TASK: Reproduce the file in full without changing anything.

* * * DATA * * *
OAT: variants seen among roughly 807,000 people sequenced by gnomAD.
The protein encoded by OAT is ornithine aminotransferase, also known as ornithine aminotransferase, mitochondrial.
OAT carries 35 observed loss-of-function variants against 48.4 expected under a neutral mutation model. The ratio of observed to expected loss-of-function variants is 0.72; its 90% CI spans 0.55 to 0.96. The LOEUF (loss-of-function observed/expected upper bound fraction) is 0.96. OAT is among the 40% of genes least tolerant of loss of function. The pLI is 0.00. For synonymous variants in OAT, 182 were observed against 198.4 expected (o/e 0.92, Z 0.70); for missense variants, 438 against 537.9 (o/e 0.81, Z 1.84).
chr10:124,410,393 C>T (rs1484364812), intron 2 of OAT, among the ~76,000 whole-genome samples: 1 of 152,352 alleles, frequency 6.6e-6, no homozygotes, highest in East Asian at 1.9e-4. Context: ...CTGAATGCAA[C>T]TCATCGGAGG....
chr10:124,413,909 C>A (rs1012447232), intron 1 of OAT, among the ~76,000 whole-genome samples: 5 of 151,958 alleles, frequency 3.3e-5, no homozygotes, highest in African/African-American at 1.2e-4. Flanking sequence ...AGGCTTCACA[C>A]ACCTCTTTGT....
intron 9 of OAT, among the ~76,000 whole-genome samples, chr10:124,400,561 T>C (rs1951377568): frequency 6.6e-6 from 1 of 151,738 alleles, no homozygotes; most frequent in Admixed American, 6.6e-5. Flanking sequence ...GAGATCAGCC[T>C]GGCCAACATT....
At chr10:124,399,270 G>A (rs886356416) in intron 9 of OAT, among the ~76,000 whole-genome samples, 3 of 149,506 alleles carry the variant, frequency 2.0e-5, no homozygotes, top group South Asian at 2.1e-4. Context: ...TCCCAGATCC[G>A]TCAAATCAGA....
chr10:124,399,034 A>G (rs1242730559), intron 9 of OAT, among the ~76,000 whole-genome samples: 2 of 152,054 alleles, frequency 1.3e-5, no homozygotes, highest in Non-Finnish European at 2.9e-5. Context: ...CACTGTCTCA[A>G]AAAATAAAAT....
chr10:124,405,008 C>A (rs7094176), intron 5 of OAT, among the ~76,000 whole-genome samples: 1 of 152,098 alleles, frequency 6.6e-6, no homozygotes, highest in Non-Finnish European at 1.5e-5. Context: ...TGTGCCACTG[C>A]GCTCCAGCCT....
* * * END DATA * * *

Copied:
OAT: variants seen among roughly 807,000 people sequenced by gnomAD.
The protein encoded by OAT is ornithine aminotransferase, also known as ornithine aminotransferase, mitochondrial.
OAT carries 35 observed loss-of-function variants against 48.4 expected under a neutral mutation model. The ratio of observed to expected loss-of-function variants is 0.72; its 90% CI spans 0.55 to 0.96. The LOEUF (loss-of-function observed/expected upper bound fraction) is 0.96. OAT is among the 40% of genes least tolerant of loss of function. The pLI is 0.00. For synonymous variants in OAT, 182 were observed against 198.4 expected (o/e 0.92, Z 0.70); for missense variants, 438 against 537.9 (o/e 0.81, Z 1.84).
chr10:124,410,393 C>T (rs1484364812), intron 2 of OAT, among the ~76,000 whole-genome samples: 1 of 152,352 alleles, frequency 6.6e-6, no homozygotes, highest in East Asian at 1.9e-4. Context: ...CTGAATGCAA[C>T]TCATCGGAGG....
chr10:124,413,909 C>A (rs1012447232), intron 1 of OAT, among the ~76,000 whole-genome samples: 5 of 151,958 alleles, frequency 3.3e-5, no homozygotes, highest in African/African-American at 1.2e-4. Flanking sequence ...AGGCTTCACA[C>A]ACCTCTTTGT....
intron 9 of OAT, among the ~76,000 whole-genome samples, chr10:124,400,561 T>C (rs1951377568): frequency 6.6e-6 from 1 of 151,738 alleles, no homozygotes; most frequent in Admixed American, 6.6e-5. Flanking sequence ...GAGATCAGCC[T>C]GGCCAACATT....
At chr10:124,399,270 G>A (rs886356416) in intron 9 of OAT, among the ~76,000 whole-genome samples, 3 of 149,506 alleles carry the variant, frequency 2.0e-5, no homozygotes, top group South Asian at 2.1e-4. Context: ...TCCCAGATCC[G>A]TCAAATCAGA....
chr10:124,399,034 A>G (rs1242730559), intron 9 of OAT, among the ~76,000 whole-genome samples: 2 of 152,054 alleles, frequency 1.3e-5, no homozygotes, highest in Non-Finnish European at 2.9e-5. Context: ...CACTGTCTCA[A>G]AAAATAAAAT....
chr10:124,405,008 C>A (rs7094176), intron 5 of OAT, among the ~76,000 whole-genome samples: 1 of 152,098 alleles, frequency 6.6e-6, no homozygotes, highest in Non-Finnish European at 1.5e-5. Context: ...TGTGCCACTG[C>A]GCTCCAGCCT....